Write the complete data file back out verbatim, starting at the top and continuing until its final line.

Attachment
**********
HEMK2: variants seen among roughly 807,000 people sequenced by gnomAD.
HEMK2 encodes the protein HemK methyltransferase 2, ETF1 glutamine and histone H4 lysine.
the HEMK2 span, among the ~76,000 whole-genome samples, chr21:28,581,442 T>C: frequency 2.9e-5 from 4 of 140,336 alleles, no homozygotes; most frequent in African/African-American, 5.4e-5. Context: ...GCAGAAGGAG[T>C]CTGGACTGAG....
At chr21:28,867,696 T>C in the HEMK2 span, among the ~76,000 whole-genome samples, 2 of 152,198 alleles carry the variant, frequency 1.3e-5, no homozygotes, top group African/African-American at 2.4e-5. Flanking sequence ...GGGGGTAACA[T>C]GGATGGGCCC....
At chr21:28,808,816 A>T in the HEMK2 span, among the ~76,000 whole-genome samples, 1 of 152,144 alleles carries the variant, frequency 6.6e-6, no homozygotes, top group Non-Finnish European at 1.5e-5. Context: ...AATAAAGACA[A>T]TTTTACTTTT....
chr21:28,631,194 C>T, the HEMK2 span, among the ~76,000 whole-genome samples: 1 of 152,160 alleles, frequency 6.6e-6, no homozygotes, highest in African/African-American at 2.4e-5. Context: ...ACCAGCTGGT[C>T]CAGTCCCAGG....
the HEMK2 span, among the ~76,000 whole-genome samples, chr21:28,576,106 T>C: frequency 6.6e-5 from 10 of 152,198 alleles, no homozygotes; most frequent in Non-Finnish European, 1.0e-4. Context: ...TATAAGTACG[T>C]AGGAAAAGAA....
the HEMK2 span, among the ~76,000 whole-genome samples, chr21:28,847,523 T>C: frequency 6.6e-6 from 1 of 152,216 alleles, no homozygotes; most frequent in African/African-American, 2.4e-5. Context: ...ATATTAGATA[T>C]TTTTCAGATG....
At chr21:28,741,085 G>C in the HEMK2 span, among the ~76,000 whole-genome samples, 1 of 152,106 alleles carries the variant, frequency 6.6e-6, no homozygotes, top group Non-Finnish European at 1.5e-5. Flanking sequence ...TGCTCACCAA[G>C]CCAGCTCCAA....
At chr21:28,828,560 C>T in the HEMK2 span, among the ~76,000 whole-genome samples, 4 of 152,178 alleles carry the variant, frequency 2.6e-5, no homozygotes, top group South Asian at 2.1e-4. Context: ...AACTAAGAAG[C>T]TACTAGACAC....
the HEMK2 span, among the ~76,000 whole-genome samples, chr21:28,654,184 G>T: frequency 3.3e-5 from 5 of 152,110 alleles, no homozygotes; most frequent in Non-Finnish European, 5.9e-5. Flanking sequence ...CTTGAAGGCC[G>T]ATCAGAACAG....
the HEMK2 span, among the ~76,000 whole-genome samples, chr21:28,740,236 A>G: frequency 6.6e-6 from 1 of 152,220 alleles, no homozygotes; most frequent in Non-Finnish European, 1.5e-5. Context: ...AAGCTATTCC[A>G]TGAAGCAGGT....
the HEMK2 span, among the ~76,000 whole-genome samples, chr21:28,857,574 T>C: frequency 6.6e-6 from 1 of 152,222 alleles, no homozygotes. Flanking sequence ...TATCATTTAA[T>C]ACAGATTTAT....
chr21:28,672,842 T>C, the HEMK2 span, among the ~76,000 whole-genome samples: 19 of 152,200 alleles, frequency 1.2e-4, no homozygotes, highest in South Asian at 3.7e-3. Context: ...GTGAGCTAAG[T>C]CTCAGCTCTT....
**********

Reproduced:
HEMK2: variants seen among roughly 807,000 people sequenced by gnomAD.
HEMK2 encodes the protein HemK methyltransferase 2, ETF1 glutamine and histone H4 lysine.
the HEMK2 span, among the ~76,000 whole-genome samples, chr21:28,581,442 T>C: frequency 2.9e-5 from 4 of 140,336 alleles, no homozygotes; most frequent in African/African-American, 5.4e-5. Context: ...GCAGAAGGAG[T>C]CTGGACTGAG....
At chr21:28,867,696 T>C in the HEMK2 span, among the ~76,000 whole-genome samples, 2 of 152,198 alleles carry the variant, frequency 1.3e-5, no homozygotes, top group African/African-American at 2.4e-5. Flanking sequence ...GGGGGTAACA[T>C]GGATGGGCCC....
At chr21:28,808,816 A>T in the HEMK2 span, among the ~76,000 whole-genome samples, 1 of 152,144 alleles carries the variant, frequency 6.6e-6, no homozygotes, top group Non-Finnish European at 1.5e-5. Context: ...AATAAAGACA[A>T]TTTTACTTTT....
chr21:28,631,194 C>T, the HEMK2 span, among the ~76,000 whole-genome samples: 1 of 152,160 alleles, frequency 6.6e-6, no homozygotes, highest in African/African-American at 2.4e-5. Context: ...ACCAGCTGGT[C>T]CAGTCCCAGG....
the HEMK2 span, among the ~76,000 whole-genome samples, chr21:28,576,106 T>C: frequency 6.6e-5 from 10 of 152,198 alleles, no homozygotes; most frequent in Non-Finnish European, 1.0e-4. Context: ...TATAAGTACG[T>C]AGGAAAAGAA....
the HEMK2 span, among the ~76,000 whole-genome samples, chr21:28,847,523 T>C: frequency 6.6e-6 from 1 of 152,216 alleles, no homozygotes; most frequent in African/African-American, 2.4e-5. Context: ...ATATTAGATA[T>C]TTTTCAGATG....
At chr21:28,741,085 G>C in the HEMK2 span, among the ~76,000 whole-genome samples, 1 of 152,106 alleles carries the variant, frequency 6.6e-6, no homozygotes, top group Non-Finnish European at 1.5e-5. Flanking sequence ...TGCTCACCAA[G>C]CCAGCTCCAA....
At chr21:28,828,560 C>T in the HEMK2 span, among the ~76,000 whole-genome samples, 4 of 152,178 alleles carry the variant, frequency 2.6e-5, no homozygotes, top group South Asian at 2.1e-4. Context: ...AACTAAGAAG[C>T]TACTAGACAC....
the HEMK2 span, among the ~76,000 whole-genome samples, chr21:28,654,184 G>T: frequency 3.3e-5 from 5 of 152,110 alleles, no homozygotes; most frequent in Non-Finnish European, 5.9e-5. Flanking sequence ...CTTGAAGGCC[G>T]ATCAGAACAG....
the HEMK2 span, among the ~76,000 whole-genome samples, chr21:28,740,236 A>G: frequency 6.6e-6 from 1 of 152,220 alleles, no homozygotes; most frequent in Non-Finnish European, 1.5e-5. Context: ...AAGCTATTCC[A>G]TGAAGCAGGT....
the HEMK2 span, among the ~76,000 whole-genome samples, chr21:28,857,574 T>C: frequency 6.6e-6 from 1 of 152,222 alleles, no homozygotes. Flanking sequence ...TATCATTTAA[T>C]ACAGATTTAT....
chr21:28,672,842 T>C, the HEMK2 span, among the ~76,000 whole-genome samples: 19 of 152,200 alleles, frequency 1.2e-4, no homozygotes, highest in South Asian at 3.7e-3. Context: ...GTGAGCTAAG[T>C]CTCAGCTCTT....